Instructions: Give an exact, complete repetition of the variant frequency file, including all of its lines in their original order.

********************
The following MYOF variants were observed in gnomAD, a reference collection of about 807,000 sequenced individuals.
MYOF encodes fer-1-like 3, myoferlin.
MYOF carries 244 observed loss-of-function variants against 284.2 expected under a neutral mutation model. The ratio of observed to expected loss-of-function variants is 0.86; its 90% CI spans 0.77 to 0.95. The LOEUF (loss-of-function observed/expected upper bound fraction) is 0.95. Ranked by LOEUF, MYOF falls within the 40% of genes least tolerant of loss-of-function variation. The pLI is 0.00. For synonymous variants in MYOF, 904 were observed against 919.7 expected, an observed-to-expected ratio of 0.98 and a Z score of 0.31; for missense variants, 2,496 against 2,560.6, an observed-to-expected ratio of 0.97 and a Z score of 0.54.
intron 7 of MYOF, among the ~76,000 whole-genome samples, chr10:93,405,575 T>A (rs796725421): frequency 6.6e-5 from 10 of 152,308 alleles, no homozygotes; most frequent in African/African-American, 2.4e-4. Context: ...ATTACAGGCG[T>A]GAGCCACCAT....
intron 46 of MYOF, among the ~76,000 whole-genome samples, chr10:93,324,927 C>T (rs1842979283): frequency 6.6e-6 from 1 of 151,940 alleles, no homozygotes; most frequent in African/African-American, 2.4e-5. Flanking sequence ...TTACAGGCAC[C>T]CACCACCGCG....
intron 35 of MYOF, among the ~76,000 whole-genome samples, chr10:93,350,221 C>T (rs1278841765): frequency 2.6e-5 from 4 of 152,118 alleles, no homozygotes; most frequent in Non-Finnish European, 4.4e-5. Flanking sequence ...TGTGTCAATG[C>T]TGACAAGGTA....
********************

The following MYOF variants were observed in gnomAD, a reference collection of about 807,000 sequenced individuals.
MYOF encodes fer-1-like 3, myoferlin.
MYOF carries 244 observed loss-of-function variants against 284.2 expected under a neutral mutation model. The ratio of observed to expected loss-of-function variants is 0.86; its 90% CI spans 0.77 to 0.95. The LOEUF (loss-of-function observed/expected upper bound fraction) is 0.95. Ranked by LOEUF, MYOF falls within the 40% of genes least tolerant of loss-of-function variation. The pLI is 0.00. For synonymous variants in MYOF, 904 were observed against 919.7 expected, an observed-to-expected ratio of 0.98 and a Z score of 0.31; for missense variants, 2,496 against 2,560.6, an observed-to-expected ratio of 0.97 and a Z score of 0.54.
intron 7 of MYOF, among the ~76,000 whole-genome samples, chr10:93,405,575 T>A (rs796725421): frequency 6.6e-5 from 10 of 152,308 alleles, no homozygotes; most frequent in African/African-American, 2.4e-4. Context: ...ATTACAGGCG[T>A]GAGCCACCAT....
intron 46 of MYOF, among the ~76,000 whole-genome samples, chr10:93,324,927 C>T (rs1842979283): frequency 6.6e-6 from 1 of 151,940 alleles, no homozygotes; most frequent in African/African-American, 2.4e-5. Flanking sequence ...TTACAGGCAC[C>T]CACCACCGCG....
intron 35 of MYOF, among the ~76,000 whole-genome samples, chr10:93,350,221 C>T (rs1278841765): frequency 2.6e-5 from 4 of 152,118 alleles, no homozygotes; most frequent in Non-Finnish European, 4.4e-5. Flanking sequence ...TGTGTCAATG[C>T]TGACAAGGTA....